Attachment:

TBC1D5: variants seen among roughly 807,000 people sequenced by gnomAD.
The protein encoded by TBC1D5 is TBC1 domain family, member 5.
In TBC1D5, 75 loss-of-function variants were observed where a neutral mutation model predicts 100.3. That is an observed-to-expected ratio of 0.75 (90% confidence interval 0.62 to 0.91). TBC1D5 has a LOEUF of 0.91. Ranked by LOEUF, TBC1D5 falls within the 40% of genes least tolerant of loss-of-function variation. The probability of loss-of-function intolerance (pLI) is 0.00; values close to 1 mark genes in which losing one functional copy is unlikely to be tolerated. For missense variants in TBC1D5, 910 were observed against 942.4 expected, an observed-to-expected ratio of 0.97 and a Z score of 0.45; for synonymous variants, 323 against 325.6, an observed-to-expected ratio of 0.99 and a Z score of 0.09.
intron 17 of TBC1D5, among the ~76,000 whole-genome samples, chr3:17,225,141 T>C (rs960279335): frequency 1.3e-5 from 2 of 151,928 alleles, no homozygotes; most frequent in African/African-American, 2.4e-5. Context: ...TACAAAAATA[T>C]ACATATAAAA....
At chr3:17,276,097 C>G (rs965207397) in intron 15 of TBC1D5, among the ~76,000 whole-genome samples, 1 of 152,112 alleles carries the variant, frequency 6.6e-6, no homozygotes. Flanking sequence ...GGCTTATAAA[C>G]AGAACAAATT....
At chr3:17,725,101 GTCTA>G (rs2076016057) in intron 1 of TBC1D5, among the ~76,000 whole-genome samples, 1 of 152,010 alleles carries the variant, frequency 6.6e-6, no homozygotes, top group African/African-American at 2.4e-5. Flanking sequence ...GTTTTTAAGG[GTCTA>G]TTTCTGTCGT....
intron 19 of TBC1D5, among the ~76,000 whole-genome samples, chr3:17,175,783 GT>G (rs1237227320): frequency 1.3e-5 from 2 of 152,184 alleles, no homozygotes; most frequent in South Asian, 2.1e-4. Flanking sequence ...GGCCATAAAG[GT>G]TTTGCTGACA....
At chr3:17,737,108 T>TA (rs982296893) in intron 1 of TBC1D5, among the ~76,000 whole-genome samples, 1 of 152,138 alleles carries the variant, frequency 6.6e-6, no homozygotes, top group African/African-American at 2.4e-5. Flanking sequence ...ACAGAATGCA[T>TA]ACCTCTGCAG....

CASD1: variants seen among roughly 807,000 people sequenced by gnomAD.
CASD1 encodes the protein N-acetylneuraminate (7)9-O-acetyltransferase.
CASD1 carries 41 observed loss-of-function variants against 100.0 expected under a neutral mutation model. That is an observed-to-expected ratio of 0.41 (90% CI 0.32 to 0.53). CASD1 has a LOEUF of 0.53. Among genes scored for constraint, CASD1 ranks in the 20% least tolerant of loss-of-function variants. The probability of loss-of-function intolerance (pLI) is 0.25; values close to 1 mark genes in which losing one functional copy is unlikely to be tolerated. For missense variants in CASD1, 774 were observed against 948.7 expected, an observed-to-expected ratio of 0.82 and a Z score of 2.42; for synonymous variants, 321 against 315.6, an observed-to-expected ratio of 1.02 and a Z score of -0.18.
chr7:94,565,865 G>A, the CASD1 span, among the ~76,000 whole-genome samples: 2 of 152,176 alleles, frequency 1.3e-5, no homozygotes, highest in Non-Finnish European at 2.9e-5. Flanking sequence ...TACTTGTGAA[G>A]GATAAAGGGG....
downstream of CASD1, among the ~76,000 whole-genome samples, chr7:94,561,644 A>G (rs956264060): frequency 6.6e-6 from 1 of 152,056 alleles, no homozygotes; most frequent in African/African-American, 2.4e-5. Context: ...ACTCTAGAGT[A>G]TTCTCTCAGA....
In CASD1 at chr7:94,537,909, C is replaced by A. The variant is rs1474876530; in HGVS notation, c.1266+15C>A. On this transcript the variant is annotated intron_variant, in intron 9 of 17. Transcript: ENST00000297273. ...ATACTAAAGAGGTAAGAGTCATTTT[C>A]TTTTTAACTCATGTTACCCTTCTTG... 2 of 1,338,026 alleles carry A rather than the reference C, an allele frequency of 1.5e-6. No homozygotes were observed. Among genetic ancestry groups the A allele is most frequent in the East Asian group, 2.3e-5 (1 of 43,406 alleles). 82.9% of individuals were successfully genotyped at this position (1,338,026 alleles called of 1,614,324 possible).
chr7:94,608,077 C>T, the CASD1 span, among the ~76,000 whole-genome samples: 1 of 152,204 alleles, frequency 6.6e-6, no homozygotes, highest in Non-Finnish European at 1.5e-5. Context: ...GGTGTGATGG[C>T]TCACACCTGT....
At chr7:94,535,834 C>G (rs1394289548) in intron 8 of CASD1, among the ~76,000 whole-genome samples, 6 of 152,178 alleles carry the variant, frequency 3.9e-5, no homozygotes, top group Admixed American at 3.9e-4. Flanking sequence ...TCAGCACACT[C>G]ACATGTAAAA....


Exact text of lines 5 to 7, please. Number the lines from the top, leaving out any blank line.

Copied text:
At chr3:17,276,097 C>G (rs965207397) in intron 15 of TBC1D5, among the ~76,000 whole-genome samples, 1 of 152,112 alleles carries the variant, frequency 6.6e-6, no homozygotes. Flanking sequence ...GGCTTATAAA[C>G]AGAACAAATT....
At chr3:17,725,101 GTCTA>G (rs2076016057) in intron 1 of TBC1D5, among the ~76,000 whole-genome samples, 1 of 152,010 alleles carries the variant, frequency 6.6e-6, no homozygotes, top group African/African-American at 2.4e-5. Flanking sequence ...GTTTTTAAGG[GTCTA>G]TTTCTGTCGT....
intron 19 of TBC1D5, among the ~76,000 whole-genome samples, chr3:17,175,783 GT>G (rs1237227320): frequency 1.3e-5 from 2 of 152,184 alleles, no homozygotes; most frequent in South Asian, 2.1e-4. Flanking sequence ...GGCCATAAAG[GT>G]TTTGCTGACA....